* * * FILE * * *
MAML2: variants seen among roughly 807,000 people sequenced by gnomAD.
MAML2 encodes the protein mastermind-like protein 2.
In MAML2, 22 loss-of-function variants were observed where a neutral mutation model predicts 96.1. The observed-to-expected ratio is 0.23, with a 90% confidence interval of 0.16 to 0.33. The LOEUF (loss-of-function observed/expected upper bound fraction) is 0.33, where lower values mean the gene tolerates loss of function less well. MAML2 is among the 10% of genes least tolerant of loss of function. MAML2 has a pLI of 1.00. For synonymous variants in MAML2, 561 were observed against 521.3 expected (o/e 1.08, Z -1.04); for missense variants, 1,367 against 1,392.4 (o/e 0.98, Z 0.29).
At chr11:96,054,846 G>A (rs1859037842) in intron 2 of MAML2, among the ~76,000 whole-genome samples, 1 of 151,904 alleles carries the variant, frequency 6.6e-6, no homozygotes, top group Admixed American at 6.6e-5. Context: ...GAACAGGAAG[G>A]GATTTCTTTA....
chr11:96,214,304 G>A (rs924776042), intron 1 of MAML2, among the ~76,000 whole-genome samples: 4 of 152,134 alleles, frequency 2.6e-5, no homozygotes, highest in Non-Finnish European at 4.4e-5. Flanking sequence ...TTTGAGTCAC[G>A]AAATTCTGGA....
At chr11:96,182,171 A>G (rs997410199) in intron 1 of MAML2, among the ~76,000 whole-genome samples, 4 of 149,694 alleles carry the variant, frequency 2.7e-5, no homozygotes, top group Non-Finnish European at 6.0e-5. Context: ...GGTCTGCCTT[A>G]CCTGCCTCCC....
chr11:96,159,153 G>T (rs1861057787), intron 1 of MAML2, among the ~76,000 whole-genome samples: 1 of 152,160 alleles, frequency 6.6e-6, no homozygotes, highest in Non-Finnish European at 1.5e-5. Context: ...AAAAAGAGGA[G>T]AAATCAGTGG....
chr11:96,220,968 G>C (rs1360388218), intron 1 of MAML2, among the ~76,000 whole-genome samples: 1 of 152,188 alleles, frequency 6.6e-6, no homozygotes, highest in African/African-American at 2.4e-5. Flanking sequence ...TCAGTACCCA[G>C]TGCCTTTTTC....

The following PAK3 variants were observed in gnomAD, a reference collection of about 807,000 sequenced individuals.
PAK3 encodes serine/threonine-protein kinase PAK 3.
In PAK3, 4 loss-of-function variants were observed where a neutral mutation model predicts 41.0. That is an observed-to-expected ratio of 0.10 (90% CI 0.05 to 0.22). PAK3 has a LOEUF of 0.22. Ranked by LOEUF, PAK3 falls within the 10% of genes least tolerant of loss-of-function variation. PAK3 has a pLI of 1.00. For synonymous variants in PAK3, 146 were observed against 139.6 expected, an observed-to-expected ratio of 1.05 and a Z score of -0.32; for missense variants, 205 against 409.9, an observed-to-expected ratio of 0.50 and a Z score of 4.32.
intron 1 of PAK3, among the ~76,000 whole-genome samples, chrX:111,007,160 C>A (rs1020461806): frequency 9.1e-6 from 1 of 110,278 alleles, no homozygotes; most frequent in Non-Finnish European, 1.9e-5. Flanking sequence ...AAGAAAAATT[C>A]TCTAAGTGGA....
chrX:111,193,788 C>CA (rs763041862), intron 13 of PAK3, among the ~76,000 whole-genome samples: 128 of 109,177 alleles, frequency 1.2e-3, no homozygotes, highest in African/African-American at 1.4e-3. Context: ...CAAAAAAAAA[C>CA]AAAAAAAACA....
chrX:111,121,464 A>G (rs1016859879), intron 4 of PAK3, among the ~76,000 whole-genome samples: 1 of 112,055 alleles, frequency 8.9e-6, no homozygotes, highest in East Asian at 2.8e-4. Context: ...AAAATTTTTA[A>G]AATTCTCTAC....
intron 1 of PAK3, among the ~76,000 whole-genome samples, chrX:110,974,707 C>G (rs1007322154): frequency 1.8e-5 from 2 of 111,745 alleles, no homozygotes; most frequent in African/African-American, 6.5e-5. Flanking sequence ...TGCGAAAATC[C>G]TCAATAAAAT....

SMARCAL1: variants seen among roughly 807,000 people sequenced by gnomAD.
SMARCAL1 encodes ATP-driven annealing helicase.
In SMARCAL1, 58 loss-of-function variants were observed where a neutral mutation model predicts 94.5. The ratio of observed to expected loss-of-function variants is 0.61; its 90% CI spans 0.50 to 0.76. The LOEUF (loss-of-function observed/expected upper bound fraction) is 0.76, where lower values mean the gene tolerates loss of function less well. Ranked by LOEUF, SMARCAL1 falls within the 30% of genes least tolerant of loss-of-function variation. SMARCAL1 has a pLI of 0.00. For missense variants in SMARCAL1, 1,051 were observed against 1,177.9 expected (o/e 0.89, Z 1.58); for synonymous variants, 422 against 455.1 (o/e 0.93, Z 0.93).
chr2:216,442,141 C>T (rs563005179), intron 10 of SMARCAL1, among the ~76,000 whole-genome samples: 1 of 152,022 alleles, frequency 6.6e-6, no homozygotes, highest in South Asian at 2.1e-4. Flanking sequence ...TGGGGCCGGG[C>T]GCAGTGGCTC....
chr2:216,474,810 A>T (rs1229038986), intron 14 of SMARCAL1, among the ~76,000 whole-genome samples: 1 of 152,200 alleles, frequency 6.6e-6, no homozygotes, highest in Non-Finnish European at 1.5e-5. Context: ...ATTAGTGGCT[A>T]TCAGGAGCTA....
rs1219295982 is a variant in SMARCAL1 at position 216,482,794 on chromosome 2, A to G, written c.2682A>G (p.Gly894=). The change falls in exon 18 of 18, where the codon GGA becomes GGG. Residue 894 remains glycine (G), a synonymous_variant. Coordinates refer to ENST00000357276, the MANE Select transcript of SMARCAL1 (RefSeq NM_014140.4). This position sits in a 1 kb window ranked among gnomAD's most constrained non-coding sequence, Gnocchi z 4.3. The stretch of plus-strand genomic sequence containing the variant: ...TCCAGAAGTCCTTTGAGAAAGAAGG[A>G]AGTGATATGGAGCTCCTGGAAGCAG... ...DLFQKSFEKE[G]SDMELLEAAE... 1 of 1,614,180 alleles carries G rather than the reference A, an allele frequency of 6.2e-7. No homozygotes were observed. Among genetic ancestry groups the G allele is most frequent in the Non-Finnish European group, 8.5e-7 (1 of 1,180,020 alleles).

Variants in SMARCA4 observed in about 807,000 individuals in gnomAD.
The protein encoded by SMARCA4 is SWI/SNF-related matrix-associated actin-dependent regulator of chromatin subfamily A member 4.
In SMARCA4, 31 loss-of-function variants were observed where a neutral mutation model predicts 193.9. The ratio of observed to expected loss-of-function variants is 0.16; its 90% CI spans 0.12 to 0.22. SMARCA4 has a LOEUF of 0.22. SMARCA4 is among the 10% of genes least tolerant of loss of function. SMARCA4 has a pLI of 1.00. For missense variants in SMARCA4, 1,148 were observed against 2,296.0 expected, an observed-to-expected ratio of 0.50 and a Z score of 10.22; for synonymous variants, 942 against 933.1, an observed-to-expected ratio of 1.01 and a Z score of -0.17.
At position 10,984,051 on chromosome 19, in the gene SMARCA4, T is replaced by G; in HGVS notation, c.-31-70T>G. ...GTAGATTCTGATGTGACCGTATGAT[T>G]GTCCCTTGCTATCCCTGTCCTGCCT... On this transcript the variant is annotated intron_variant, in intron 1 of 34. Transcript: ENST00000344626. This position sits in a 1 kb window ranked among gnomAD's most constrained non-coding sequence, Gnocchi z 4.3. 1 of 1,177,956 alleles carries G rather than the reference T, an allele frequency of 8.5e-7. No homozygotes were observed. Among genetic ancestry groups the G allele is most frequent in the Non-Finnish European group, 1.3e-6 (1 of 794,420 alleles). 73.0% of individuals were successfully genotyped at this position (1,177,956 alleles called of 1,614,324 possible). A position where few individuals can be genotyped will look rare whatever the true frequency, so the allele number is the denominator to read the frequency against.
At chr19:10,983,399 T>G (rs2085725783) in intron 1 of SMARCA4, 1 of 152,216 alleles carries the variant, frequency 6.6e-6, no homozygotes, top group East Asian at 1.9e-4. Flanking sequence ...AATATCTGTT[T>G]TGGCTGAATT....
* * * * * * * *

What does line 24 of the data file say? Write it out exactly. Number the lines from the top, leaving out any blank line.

In SMARCA4, 31 loss-of-function variants were observed where a neutral mutation model predicts 193.9. The ratio of observed to expected loss-of-function variants is 0.16; its 90% CI spans 0.12 to 0.22. SMARCA4 has a LOEUF of 0.22. SMARCA4 is among the 10% of genes least tolerant of loss of function. SMARCA4 has a pLI of 1.00. For missense variants in SMARCA4, 1,148 were observed against 2,296.0 expected, an observed-to-expected ratio of 0.50 and a Z score of 10.22; for synonymous variants, 942 against 933.1, an observed-to-expected ratio of 1.01 and a Z score of -0.17.